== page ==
Revision | R # J: Romeo and Juliet wins an impeccable youth reinterpretation, told on social networks



Film seen during the 2021 Sundance Film Festival

Skin-deep emotions and the intensity of feelings always in hyperbolic spheres describe both the love of youth and the writing of Shakespeare. Still at the height of pain and euphoria, they both have a lot more in common than we might ever say. And teen drama R # J does this unusual – yet precise – combination of extremes that have never looked so alike. Bringing an impeccable account of the classic romance Romeo and Juliet, Carey Williams makes his film the most original version of the world’s most famous tragic love story.

Turning his gaze to the high-tech contemporary, Williams reiterates the timelessness of the British playwright and writer, with the story of doomed love at the end. Here, the main social media of our time are deployed as narrative instruments to capture the plot, in a creative perspective directly inspired by the acclaimed thriller Buscando…. But R # J addresses the teenage passion for angles of this generation itself, mixing lively conversations and visuals from WhatsApp groups, with likes and comments in Instagram posts. Everything is seen through their eyes and the way they see the world – obviously always with a smartphone in hand to record everything.

Impeccable in its screenplay, the teen drama manages to be even bolder, with a performative script that unites contemporary slang with wacky archaic English – which guarantees Shakespeare’s imprint in an original and brilliant way. Amid powerful speeches that paraphrase and spice up some of Romeo and Juliet’s best snippets, R # J is an immersive and enjoyable kinesthetic experience and guarantees a differentiated freshness to this classic, as it is built as an authentic story about socio-cultural differences, immigration and community.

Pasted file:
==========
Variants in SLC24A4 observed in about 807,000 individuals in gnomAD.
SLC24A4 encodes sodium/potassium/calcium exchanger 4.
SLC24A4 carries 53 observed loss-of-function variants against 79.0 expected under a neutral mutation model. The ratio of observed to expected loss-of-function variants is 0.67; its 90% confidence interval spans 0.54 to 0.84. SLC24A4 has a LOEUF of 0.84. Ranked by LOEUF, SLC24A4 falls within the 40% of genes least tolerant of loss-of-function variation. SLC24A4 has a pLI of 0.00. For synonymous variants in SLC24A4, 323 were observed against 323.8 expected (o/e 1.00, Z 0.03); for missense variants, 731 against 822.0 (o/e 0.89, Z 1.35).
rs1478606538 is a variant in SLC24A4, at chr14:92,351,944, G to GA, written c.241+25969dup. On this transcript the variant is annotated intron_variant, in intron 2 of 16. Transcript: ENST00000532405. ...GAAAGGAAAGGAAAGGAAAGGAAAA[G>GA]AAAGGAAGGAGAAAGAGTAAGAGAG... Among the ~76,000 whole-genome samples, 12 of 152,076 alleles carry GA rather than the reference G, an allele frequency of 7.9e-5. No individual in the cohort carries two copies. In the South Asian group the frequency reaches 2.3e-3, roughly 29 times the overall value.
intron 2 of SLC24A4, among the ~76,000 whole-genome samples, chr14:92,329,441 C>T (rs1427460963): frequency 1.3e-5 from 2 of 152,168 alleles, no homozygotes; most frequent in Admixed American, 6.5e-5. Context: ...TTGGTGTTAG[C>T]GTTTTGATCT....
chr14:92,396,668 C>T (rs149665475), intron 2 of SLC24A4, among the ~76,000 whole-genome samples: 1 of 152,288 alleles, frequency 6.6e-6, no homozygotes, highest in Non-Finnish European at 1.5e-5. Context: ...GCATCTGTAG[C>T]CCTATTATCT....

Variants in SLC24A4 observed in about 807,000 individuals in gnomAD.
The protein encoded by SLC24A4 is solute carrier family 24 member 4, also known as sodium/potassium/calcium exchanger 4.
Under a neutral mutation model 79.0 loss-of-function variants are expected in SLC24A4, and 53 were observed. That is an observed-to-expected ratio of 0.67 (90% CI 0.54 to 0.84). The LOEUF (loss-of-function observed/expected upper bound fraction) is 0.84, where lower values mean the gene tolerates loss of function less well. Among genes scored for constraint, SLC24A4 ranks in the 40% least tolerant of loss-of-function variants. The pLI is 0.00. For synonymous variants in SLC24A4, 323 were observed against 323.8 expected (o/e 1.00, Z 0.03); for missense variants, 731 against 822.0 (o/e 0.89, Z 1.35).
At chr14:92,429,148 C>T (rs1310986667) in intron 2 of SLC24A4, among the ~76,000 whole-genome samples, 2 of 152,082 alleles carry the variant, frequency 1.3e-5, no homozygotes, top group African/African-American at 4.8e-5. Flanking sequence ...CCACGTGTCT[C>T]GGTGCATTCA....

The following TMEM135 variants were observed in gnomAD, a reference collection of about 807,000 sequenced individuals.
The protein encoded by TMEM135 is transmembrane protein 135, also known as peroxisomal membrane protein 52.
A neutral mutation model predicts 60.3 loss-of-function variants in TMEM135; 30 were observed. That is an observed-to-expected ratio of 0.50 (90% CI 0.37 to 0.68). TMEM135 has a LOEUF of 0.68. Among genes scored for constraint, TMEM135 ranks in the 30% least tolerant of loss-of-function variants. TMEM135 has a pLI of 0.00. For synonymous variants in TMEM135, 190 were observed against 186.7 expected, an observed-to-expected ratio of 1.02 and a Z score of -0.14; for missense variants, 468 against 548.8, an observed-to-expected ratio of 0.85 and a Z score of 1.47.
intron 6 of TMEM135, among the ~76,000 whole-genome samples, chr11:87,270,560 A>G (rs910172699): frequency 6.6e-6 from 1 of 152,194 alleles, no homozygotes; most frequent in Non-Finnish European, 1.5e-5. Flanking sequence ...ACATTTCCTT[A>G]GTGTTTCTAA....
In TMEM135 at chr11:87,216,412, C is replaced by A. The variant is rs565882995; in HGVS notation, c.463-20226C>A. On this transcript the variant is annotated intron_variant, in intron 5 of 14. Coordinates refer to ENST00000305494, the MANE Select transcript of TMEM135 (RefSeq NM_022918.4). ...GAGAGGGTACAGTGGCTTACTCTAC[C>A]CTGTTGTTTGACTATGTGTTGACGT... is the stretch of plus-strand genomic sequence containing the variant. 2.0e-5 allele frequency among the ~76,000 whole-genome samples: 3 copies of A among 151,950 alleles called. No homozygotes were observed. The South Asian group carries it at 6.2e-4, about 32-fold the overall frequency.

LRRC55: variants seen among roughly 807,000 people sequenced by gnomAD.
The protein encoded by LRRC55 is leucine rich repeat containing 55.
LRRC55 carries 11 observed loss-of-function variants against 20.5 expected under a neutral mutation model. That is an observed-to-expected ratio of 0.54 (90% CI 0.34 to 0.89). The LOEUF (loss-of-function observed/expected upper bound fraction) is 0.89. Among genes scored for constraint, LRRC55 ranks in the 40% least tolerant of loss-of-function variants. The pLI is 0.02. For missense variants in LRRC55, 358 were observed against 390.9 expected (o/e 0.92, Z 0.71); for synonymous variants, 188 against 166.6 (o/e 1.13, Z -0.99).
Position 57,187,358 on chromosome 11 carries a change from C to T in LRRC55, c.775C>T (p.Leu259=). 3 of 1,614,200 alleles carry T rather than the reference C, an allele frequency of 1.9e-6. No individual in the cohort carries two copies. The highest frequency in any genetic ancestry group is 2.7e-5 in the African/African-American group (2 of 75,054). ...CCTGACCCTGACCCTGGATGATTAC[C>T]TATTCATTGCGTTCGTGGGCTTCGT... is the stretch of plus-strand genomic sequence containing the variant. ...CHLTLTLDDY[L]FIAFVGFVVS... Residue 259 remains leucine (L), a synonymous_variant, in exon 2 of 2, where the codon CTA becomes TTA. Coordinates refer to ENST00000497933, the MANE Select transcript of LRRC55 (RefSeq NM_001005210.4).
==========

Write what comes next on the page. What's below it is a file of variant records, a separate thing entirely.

With a black Romeo (Camaron Engels) and a Latin Juliet (Francesca Noel), R # J is not that film that forces representation for commercial purposes, but adapts Shakespeare’s tale in a deeply current way, taking the painful love affair in the atriums of gang fights divided by race and neighborhood, and disagreements between families who relocate and displace an entire local community. Intriguing and captivating, the drama makes the Shakespearean experience something different, giving audiences the feeling of being first confronted with the story of Romeo and Juliet.

Always showing how versatile the classic period continues to be, the production knows how to hold our attention and our breath, bringing us to the level of intensity of the characters. With a well-adjusted and precise staging and editing, the feature film features an incredible costume, which flirts with current fashion, while playing with diverse and textured fabrics that refer to Romeu + ‘s costume design. Juliet, by Baz Luhrmann. With performances that navigate between dramatic caricature – Shakespeare’s traditional signature – and the softness and lightness of natural performances, R # J is a totally invigorating look, which renews the breath of one of the greatest tales in history.

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